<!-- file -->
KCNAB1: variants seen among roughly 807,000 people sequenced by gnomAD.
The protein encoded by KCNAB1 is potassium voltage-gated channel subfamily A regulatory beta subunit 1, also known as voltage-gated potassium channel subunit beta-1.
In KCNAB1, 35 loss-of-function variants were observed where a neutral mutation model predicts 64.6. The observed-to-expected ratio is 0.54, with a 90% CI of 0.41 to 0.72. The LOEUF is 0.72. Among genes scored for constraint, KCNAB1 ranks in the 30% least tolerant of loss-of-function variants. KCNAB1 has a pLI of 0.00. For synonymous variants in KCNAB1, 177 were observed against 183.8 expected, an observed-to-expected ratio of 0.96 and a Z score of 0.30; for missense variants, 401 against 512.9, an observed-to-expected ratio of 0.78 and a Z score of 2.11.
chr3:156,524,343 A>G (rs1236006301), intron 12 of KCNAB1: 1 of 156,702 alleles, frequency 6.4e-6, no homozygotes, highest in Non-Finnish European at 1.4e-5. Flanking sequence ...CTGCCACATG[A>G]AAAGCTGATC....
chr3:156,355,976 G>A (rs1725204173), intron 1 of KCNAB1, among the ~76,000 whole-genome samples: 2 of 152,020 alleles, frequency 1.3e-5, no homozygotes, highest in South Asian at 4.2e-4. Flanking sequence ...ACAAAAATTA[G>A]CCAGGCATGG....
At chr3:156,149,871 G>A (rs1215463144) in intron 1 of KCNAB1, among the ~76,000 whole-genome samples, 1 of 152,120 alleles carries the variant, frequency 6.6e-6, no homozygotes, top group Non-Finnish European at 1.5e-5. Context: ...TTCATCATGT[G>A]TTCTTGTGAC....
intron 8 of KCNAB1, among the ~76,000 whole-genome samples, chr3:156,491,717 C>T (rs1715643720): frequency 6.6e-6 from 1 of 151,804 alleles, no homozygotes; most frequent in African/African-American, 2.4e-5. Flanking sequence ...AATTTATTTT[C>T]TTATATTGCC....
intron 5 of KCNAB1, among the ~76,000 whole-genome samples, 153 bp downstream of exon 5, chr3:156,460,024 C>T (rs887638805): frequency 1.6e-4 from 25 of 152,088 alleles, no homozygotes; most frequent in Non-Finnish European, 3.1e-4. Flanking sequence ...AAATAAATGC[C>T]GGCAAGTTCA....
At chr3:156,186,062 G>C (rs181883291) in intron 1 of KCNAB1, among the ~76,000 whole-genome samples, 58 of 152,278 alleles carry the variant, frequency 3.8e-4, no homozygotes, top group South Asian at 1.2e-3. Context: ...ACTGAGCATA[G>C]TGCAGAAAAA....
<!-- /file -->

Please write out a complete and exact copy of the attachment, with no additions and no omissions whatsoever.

KCNAB1: variants seen among roughly 807,000 people sequenced by gnomAD.
The protein encoded by KCNAB1 is potassium voltage-gated channel subfamily A regulatory beta subunit 1, also known as voltage-gated potassium channel subunit beta-1.
In KCNAB1, 35 loss-of-function variants were observed where a neutral mutation model predicts 64.6. The observed-to-expected ratio is 0.54, with a 90% CI of 0.41 to 0.72. The LOEUF is 0.72. Among genes scored for constraint, KCNAB1 ranks in the 30% least tolerant of loss-of-function variants. KCNAB1 has a pLI of 0.00. For synonymous variants in KCNAB1, 177 were observed against 183.8 expected, an observed-to-expected ratio of 0.96 and a Z score of 0.30; for missense variants, 401 against 512.9, an observed-to-expected ratio of 0.78 and a Z score of 2.11.
chr3:156,524,343 A>G (rs1236006301), intron 12 of KCNAB1: 1 of 156,702 alleles, frequency 6.4e-6, no homozygotes, highest in Non-Finnish European at 1.4e-5. Flanking sequence ...CTGCCACATG[A>G]AAAGCTGATC....
chr3:156,355,976 G>A (rs1725204173), intron 1 of KCNAB1, among the ~76,000 whole-genome samples: 2 of 152,020 alleles, frequency 1.3e-5, no homozygotes, highest in South Asian at 4.2e-4. Flanking sequence ...ACAAAAATTA[G>A]CCAGGCATGG....
At chr3:156,149,871 G>A (rs1215463144) in intron 1 of KCNAB1, among the ~76,000 whole-genome samples, 1 of 152,120 alleles carries the variant, frequency 6.6e-6, no homozygotes, top group Non-Finnish European at 1.5e-5. Context: ...TTCATCATGT[G>A]TTCTTGTGAC....
intron 8 of KCNAB1, among the ~76,000 whole-genome samples, chr3:156,491,717 C>T (rs1715643720): frequency 6.6e-6 from 1 of 151,804 alleles, no homozygotes; most frequent in African/African-American, 2.4e-5. Flanking sequence ...AATTTATTTT[C>T]TTATATTGCC....
intron 5 of KCNAB1, among the ~76,000 whole-genome samples, 153 bp downstream of exon 5, chr3:156,460,024 C>T (rs887638805): frequency 1.6e-4 from 25 of 152,088 alleles, no homozygotes; most frequent in Non-Finnish European, 3.1e-4. Flanking sequence ...AAATAAATGC[C>T]GGCAAGTTCA....
At chr3:156,186,062 G>C (rs181883291) in intron 1 of KCNAB1, among the ~76,000 whole-genome samples, 58 of 152,278 alleles carry the variant, frequency 3.8e-4, no homozygotes, top group South Asian at 1.2e-3. Context: ...ACTGAGCATA[G>C]TGCAGAAAAA....